Posted by Kathryn Roberts, CEO and President, Ecumen Last week Neal St. Anthony of the Minneapolis Star Tribune did a great story on boomers planning for retirement. He used information from the Ecumen Age Wave Study.What I hope that people took away from that is that we need new savings products that our future seniors see value in to purchase today to help them pay for senior care if they should need it. For most people, the current long-term care insurance product isn’t it. Most baby boomers find long-term care insurance difficult to understand. And baby boomers see it as a product they won’t need for years, so they don’t even consider it today.I’m a big advocate for hybrid products, as Donna O’Rourke discusses in her story 'Hybrid Long-Term Care Might Be Right For You.' on TheStreet.Com. As she points out there are few of those products out there today. Message to financial companies, insurance companies and state insurance commissioners … Boomers want these products. We have to change how people pay for their care, so that people can have the retirement they have worked for and that we can preserve dollars to pay for dignified, high-quality care for those people who cannot afford it. Retirement planning can’t end with the mortgage and car payments.


Senior man and woman having coffee at table seen through window

The Top 5 Websites that are Changing Aging

Readers of Ecumen’s Changing Aging blog agree that vital, successful aging means that aging is about living. Through this forum, as the name states, we are Changing Aging, or more specifically, the traditional views on aging.But we’re certainly not alone in our efforts. Below, find the Top 5 web sites, compiled by Ecumen, that are putting aging in a whole new light:1. Civic Ventures: A think tank and an incubator, Civic Ventures generates ideas and invents programs to help society achieve the greatest return on experience. It sponsors the Purpose Prize.2. The Vital Aging Network: This site focuses on individuals who are sharing their strengths to promote and support the self-sufficiency, community participation, and quality of life of older adults.3. AgingTech: Like Ecumen, this site is dedicated to new technology that is helping seniors live where they want to live, how they want to live.4. The Zimmers: Awesome video, here that puts aging in a whole new light! 40 Britains in their 80s and 90s… 'Talkin About My Generation'.5. Eons: Think of it as a MySpace for global citizens 50+.Know of any other great sites? Leave a comment below and we’ll do another post like this soon!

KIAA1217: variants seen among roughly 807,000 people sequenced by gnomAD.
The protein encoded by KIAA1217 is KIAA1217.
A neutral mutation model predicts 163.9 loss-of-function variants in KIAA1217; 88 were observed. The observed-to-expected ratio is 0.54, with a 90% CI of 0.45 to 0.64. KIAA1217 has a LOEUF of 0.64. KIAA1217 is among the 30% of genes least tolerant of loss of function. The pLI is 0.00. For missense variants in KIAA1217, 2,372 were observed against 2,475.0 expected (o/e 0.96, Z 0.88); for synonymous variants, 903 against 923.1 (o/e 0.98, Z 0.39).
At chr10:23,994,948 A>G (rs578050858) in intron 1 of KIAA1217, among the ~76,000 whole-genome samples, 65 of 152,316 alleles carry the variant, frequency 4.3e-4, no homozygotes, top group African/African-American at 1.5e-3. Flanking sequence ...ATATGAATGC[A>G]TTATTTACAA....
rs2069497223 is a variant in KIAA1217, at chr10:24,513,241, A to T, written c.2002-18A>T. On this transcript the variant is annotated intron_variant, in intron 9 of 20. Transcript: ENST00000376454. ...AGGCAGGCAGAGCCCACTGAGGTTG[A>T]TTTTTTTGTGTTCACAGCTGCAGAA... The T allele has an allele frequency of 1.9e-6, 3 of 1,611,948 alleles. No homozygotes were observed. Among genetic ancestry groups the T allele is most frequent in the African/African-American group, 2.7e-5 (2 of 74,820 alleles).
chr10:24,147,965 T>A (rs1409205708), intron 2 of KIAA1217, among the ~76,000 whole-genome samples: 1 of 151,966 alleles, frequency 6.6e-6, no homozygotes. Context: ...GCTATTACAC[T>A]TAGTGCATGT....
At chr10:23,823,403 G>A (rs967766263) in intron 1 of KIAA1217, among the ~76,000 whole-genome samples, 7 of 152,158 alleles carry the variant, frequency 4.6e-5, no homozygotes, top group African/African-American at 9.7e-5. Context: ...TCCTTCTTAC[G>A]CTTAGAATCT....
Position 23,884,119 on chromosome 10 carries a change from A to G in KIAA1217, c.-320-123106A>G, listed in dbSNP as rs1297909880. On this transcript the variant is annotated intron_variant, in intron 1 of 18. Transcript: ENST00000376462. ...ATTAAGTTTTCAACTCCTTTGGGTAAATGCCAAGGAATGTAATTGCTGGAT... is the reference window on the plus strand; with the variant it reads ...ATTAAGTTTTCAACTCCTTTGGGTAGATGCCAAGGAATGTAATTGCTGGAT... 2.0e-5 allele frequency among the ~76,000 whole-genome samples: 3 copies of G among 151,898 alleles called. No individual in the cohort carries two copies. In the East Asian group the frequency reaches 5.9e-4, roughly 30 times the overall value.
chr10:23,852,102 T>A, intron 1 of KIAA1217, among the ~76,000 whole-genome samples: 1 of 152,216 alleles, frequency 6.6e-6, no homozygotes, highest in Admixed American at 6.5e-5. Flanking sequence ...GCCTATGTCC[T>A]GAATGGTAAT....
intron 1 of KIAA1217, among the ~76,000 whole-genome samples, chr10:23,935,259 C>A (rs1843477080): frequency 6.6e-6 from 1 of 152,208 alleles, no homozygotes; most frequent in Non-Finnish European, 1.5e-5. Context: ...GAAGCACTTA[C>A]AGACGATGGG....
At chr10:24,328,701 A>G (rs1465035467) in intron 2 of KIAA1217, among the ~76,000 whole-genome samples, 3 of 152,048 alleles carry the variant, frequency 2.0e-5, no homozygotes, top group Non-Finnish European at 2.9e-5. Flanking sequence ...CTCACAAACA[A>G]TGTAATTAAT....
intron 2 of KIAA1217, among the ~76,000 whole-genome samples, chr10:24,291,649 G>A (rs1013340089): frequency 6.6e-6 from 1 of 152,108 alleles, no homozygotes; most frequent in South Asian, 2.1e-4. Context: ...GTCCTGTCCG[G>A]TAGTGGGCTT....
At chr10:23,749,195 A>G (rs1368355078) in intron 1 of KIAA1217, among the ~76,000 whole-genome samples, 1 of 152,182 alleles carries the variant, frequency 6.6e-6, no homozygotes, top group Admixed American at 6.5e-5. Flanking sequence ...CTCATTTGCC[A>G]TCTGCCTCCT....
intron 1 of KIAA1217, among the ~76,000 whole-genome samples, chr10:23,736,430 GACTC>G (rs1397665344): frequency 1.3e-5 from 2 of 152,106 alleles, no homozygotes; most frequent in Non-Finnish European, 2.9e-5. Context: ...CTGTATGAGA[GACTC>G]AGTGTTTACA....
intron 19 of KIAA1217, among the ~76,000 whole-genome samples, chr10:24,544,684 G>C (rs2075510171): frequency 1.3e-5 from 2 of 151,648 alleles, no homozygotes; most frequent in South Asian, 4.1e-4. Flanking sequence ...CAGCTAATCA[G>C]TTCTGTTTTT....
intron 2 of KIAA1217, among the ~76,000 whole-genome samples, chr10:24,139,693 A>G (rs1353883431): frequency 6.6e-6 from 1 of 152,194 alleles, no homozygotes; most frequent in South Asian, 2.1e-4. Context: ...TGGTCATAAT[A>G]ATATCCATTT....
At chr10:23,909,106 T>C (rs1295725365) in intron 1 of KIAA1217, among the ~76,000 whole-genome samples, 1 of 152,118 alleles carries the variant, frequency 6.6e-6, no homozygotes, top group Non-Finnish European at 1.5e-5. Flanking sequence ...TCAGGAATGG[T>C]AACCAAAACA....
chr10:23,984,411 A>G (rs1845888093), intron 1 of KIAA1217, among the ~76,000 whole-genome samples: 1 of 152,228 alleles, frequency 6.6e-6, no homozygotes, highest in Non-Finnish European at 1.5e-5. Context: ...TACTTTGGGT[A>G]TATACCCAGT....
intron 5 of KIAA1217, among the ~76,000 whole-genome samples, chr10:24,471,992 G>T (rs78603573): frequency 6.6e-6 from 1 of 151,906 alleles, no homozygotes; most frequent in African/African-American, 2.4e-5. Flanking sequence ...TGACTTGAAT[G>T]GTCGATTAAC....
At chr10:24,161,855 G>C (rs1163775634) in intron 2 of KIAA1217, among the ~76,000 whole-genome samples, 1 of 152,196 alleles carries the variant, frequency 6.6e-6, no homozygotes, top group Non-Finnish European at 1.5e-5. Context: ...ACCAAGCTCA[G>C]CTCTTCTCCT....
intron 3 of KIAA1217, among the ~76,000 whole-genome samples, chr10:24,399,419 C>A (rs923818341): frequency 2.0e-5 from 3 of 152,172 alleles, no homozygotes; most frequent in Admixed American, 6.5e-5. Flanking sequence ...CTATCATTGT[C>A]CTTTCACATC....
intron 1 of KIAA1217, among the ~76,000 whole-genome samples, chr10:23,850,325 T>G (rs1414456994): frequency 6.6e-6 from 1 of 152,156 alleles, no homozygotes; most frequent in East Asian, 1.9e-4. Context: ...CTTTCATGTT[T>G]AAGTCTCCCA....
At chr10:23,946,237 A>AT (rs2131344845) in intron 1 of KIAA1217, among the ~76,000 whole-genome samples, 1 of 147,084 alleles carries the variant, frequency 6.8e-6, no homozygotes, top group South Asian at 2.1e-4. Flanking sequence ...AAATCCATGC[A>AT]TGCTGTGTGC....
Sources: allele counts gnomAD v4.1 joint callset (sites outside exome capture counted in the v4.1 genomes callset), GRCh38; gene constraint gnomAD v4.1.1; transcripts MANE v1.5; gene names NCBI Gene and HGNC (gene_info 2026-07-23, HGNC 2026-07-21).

Senior man and woman having coffee at table seen through window

The Age Beat at the Seattle Times

The Strib Could Learn From The Seattle TimesNews came down yesterday that the Star Tribune is seeking 50 buyouts in the news room. My assumption is that doesn’t bode very well for the coverage of important issues, such as growing older.The Star Tribune, Pioneer Press and many newspapers could learn from the Seattle Times, which has a columnist, Liz Taylor, dedicated to the age beat. Her column looks at everything from long-term care insurance to choosing assisted living to technology in the senior housing profession. It’s a great resource.


Senior man and woman having coffee at table seen through window

Talking Aging in the Star Tribune and N.Y. Times

A couple items on successful aging from over the weekend:Neal St. Anthony’s ColumnMinneapolis Star Tribune business columnist Neal St. Anthony wrote a column Sunday on Ecumen’s Age Wave StudyThe New York Times Magazine This Sunday’s New York Times Magazine has a series of articles related to aging baby boomers and increasing longevity. There’s another interesting story in The Times Magazine about how the TV Land cable channel is rebranding itself as the boomer channel.The Oracle of Omaha Not RetiringUber investor Warren Buffett held his annual meeting for Berkshire Hathaway fund devotees over the weekend in Omaha. Seventy-six-year-old Buffett says he has no plans to leave the holding company he’s built, because 'he loves his work too much.' Sound like someone you know?